Professor X and Magneto were actually based on Jewish leaders David Ben-Gurion and Menachem Begin – NOT Dr. Martin Luther King Jr. and Malcolm X.
The two figureheads of the X-Men Series, Professor X and Magneto, were long regarded as the deputy of the African-American civil rights leader Dr. Martin Luther King Jr. and Malcolm X. That rumor, as ubiquitous as it is, is unfortunately just that. Although the opposing mutants have some tangential similarities with both activists, the characters were actually based on two famous Israeli Prime Ministers, David Ben Gurion and Menachem Begin .
The X-Men were founded by Stan Lee and Jack Kirby in 1963 at the height of the civil rights movement in the United States. The mutants that make up the team have been used as a thinly veiled allegory for minorities and have represented many oppressed groups in America over the years: people of different sexual orientations, ethnic backgrounds, and even religious beliefs. At the beginning of the series, two ideological sides of the conflict were presented: Professor Charles Xavier wanted mutants to peacefully advocate their cause, while Magneto believed that mutants should actively fight against those who oppressed them.
But to say that both men are on Dr. King and Malcolm X are based is wrong. Long-time X-Men writer Chris Claremont said this in a 2016 interview with Empire Online Magazine. “Now that Magneto is filling in for Malcolm X and Xavier for Martin Luther King, there is a lot of talk online … Claremont States. “An equivalent analogy could be made to Menachem Begin as Magneto, who in his lifetime went from being a terrorist in 1947 to being a Nobel Peace Prize winner 30 years later.” Claremont went on to say that his goal for Magneto was to succeed Xavier as leader of the X-Men and principal of Xavier’s School for the Gifted.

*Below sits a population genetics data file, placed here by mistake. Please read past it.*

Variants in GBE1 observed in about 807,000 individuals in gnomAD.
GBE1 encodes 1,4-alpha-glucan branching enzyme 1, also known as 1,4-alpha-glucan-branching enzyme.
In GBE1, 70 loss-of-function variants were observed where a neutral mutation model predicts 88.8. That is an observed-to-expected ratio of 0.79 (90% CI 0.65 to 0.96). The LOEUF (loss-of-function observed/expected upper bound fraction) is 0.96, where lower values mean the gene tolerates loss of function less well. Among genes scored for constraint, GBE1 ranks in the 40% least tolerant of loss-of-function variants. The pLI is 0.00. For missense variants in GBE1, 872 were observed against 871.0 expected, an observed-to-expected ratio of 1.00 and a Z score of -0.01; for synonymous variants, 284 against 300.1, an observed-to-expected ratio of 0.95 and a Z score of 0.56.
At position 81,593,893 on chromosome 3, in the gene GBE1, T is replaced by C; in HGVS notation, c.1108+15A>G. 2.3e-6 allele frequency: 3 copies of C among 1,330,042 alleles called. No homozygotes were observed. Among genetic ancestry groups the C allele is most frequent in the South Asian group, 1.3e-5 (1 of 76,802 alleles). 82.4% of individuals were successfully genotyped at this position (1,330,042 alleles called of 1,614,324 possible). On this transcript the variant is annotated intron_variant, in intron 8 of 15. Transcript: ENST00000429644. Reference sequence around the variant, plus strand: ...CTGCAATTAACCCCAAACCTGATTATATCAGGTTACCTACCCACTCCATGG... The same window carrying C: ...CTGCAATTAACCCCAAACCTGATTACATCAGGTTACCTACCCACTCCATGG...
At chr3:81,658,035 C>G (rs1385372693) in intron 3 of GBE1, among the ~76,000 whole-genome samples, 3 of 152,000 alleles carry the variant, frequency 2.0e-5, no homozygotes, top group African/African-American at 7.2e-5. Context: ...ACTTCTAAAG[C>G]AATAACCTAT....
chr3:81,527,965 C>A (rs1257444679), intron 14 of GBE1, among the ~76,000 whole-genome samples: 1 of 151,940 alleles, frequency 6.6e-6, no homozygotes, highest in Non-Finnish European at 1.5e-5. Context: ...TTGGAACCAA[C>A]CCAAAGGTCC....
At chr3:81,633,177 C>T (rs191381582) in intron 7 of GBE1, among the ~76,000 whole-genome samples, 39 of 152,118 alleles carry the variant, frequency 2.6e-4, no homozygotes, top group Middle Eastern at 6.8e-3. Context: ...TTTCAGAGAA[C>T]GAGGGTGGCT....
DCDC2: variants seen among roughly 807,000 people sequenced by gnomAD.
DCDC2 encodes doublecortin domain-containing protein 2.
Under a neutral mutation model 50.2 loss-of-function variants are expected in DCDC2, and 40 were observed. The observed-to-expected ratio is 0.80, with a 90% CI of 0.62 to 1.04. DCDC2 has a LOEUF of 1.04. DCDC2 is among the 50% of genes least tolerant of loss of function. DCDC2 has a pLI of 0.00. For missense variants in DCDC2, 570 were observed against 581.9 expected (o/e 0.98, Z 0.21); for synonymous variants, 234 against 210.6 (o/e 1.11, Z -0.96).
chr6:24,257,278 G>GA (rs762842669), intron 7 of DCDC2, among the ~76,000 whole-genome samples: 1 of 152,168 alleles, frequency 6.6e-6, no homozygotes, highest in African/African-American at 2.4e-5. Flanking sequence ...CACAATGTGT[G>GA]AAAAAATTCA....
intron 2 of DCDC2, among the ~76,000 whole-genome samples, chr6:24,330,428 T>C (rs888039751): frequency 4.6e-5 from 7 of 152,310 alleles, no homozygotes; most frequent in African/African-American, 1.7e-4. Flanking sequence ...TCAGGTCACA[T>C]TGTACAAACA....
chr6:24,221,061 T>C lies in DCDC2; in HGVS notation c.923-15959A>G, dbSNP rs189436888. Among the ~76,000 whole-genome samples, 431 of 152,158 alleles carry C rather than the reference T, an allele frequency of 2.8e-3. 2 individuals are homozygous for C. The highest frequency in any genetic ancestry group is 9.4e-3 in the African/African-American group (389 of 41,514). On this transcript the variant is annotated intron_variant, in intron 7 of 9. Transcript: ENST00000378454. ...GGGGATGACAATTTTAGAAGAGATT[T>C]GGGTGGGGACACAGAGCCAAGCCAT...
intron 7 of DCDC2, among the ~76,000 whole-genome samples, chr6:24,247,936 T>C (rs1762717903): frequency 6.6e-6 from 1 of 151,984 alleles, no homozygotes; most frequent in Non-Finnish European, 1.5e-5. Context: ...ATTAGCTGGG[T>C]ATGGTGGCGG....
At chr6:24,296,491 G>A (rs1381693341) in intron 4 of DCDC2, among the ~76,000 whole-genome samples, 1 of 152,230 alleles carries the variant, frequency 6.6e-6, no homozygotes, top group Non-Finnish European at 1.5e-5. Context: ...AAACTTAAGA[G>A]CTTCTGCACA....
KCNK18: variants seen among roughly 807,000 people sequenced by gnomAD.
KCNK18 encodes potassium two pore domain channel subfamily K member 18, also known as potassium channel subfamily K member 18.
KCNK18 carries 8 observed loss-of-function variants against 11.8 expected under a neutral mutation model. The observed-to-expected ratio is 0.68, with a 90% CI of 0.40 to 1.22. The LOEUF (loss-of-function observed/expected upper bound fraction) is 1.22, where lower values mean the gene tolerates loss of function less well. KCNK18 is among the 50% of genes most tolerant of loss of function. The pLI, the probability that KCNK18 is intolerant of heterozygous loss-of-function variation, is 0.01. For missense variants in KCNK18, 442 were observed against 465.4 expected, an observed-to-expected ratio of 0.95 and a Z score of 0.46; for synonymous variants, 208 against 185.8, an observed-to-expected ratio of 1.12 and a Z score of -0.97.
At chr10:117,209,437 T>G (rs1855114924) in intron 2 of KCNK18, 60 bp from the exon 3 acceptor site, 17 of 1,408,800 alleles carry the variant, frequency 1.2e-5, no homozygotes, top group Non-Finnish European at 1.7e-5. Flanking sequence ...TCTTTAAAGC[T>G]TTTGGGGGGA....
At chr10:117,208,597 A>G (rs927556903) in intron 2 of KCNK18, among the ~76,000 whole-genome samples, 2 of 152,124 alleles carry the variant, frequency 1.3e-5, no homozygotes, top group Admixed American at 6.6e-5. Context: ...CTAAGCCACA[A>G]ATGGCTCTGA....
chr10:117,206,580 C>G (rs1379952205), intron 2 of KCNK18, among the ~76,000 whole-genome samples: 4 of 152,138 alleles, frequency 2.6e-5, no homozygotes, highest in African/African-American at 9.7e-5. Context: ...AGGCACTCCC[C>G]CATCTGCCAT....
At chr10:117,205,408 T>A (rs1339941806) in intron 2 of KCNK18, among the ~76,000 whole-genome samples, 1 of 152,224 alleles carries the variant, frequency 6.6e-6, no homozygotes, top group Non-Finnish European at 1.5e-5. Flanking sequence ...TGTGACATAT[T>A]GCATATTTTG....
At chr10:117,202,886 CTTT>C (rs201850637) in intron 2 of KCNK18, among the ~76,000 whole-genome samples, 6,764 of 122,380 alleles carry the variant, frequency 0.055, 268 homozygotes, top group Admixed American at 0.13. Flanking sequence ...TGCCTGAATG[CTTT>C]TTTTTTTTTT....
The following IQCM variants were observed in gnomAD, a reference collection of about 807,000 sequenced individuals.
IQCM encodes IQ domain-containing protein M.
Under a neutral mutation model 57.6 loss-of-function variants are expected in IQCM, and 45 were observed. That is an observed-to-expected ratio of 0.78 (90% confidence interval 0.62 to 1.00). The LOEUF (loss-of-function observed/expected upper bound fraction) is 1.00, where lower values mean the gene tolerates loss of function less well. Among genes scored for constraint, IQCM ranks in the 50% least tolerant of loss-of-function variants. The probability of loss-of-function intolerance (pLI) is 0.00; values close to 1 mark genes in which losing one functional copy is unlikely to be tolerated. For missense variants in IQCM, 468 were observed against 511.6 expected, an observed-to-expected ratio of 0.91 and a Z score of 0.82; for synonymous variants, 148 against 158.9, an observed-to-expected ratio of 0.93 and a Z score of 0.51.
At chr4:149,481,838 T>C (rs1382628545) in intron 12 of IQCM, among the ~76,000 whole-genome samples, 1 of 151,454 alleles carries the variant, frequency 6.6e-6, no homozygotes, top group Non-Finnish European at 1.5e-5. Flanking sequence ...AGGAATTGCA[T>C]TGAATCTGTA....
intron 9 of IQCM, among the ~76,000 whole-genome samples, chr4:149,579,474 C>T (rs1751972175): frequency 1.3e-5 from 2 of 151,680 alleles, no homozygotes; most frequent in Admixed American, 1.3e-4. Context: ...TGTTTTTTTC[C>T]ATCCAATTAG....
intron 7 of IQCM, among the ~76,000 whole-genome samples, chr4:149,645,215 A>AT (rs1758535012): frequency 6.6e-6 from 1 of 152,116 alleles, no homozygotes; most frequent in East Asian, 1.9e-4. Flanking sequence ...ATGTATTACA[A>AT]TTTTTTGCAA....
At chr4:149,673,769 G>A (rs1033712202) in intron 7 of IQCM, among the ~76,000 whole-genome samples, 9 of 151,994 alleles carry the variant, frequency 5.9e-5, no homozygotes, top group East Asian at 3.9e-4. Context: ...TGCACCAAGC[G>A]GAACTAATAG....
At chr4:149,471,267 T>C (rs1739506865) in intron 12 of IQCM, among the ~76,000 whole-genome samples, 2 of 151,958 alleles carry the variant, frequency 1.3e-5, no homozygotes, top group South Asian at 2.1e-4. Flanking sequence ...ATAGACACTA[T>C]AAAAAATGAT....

David Ben-Gurion was Israel’s first Prime Minister, serving between 1948 and 1954. He is known as the main national founder of the State of Israel; His accomplishments included encouraging other Jews in the diaspora to move to Israel and improving relations with West Germany and the rest of the world. In contrast, Menachem Begin was the leader of the Zionist military group Irgun, which rebelled against the British government of what was then Palestine in 1944. While the Irgun was classified as a terrorist group by the British at the time, Begin was finally elected Prime Minister in 1977 and brokered a peace treaty between Israel and Egypt, for which he received the Nobel Peace Prize. Especially the last detail in Begin’s life was an inspiration for Claremont to write Magneto. “I wanted to apply this development to the relationship between Xavier and Magneto. It’s an evolving arc of 150 questions.”
Claiming that Professor X and Magneto were from Dr. King and Malcolm X are doing both men a disservice. Dr. King was not as passive as Xavier, nor was Malcolm X a violent mass murderer like Magneto. While Stan Lee never imagined Magneto as a traditional villain, he didn’t give him a personable backstory either – Magneto’s Holocaust past was written by Claremont. the X-Men are often inspired by real events and real people, but the real inspirations for Professor X and Magneto weren’t – and never have been – Dr. King and Malcolm X.
Next: Wolverine was sent to kill a child in the darkest X-Men story of all time
Source: Empire Online
The Flash has used its Speed Force powers in the coolest possible way